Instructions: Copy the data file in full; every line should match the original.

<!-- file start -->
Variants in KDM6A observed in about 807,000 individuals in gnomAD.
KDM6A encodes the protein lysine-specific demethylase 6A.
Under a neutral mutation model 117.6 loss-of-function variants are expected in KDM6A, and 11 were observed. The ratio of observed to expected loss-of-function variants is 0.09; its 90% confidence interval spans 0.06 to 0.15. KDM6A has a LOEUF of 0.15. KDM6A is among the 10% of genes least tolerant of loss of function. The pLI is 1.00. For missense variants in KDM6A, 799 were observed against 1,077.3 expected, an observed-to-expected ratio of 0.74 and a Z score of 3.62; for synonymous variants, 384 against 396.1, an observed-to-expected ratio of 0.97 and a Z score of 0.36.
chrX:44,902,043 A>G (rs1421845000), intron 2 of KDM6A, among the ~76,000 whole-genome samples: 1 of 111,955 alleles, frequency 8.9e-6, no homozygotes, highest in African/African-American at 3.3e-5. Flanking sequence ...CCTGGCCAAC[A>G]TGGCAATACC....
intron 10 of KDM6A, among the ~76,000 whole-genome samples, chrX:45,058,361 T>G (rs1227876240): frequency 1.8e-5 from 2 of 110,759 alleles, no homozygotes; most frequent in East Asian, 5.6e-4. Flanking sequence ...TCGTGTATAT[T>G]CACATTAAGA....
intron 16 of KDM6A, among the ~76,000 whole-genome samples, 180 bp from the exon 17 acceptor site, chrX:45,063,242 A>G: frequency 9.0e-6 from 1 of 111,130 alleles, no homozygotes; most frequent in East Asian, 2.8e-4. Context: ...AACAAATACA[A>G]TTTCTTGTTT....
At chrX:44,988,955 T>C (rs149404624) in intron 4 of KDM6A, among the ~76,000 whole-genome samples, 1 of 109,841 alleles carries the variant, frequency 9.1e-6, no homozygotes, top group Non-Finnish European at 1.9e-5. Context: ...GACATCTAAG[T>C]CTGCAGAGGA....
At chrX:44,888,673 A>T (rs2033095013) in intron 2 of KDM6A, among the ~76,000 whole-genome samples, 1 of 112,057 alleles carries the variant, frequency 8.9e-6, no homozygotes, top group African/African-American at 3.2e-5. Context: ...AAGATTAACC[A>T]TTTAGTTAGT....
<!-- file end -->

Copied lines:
Variants in KDM6A observed in about 807,000 individuals in gnomAD.
KDM6A encodes the protein lysine-specific demethylase 6A.
Under a neutral mutation model 117.6 loss-of-function variants are expected in KDM6A, and 11 were observed. The ratio of observed to expected loss-of-function variants is 0.09; its 90% confidence interval spans 0.06 to 0.15. KDM6A has a LOEUF of 0.15. KDM6A is among the 10% of genes least tolerant of loss of function. The pLI is 1.00. For missense variants in KDM6A, 799 were observed against 1,077.3 expected, an observed-to-expected ratio of 0.74 and a Z score of 3.62; for synonymous variants, 384 against 396.1, an observed-to-expected ratio of 0.97 and a Z score of 0.36.
chrX:44,902,043 A>G (rs1421845000), intron 2 of KDM6A, among the ~76,000 whole-genome samples: 1 of 111,955 alleles, frequency 8.9e-6, no homozygotes, highest in African/African-American at 3.3e-5. Flanking sequence ...CCTGGCCAAC[A>G]TGGCAATACC....
intron 10 of KDM6A, among the ~76,000 whole-genome samples, chrX:45,058,361 T>G (rs1227876240): frequency 1.8e-5 from 2 of 110,759 alleles, no homozygotes; most frequent in East Asian, 5.6e-4. Flanking sequence ...TCGTGTATAT[T>G]CACATTAAGA....
intron 16 of KDM6A, among the ~76,000 whole-genome samples, 180 bp from the exon 17 acceptor site, chrX:45,063,242 A>G: frequency 9.0e-6 from 1 of 111,130 alleles, no homozygotes; most frequent in East Asian, 2.8e-4. Context: ...AACAAATACA[A>G]TTTCTTGTTT....
At chrX:44,988,955 T>C (rs149404624) in intron 4 of KDM6A, among the ~76,000 whole-genome samples, 1 of 109,841 alleles carries the variant, frequency 9.1e-6, no homozygotes, top group Non-Finnish European at 1.9e-5. Context: ...GACATCTAAG[T>C]CTGCAGAGGA....
At chrX:44,888,673 A>T (rs2033095013) in intron 2 of KDM6A, among the ~76,000 whole-genome samples, 1 of 112,057 alleles carries the variant, frequency 8.9e-6, no homozygotes, top group African/African-American at 3.2e-5. Context: ...AAGATTAACC[A>T]TTTAGTTAGT....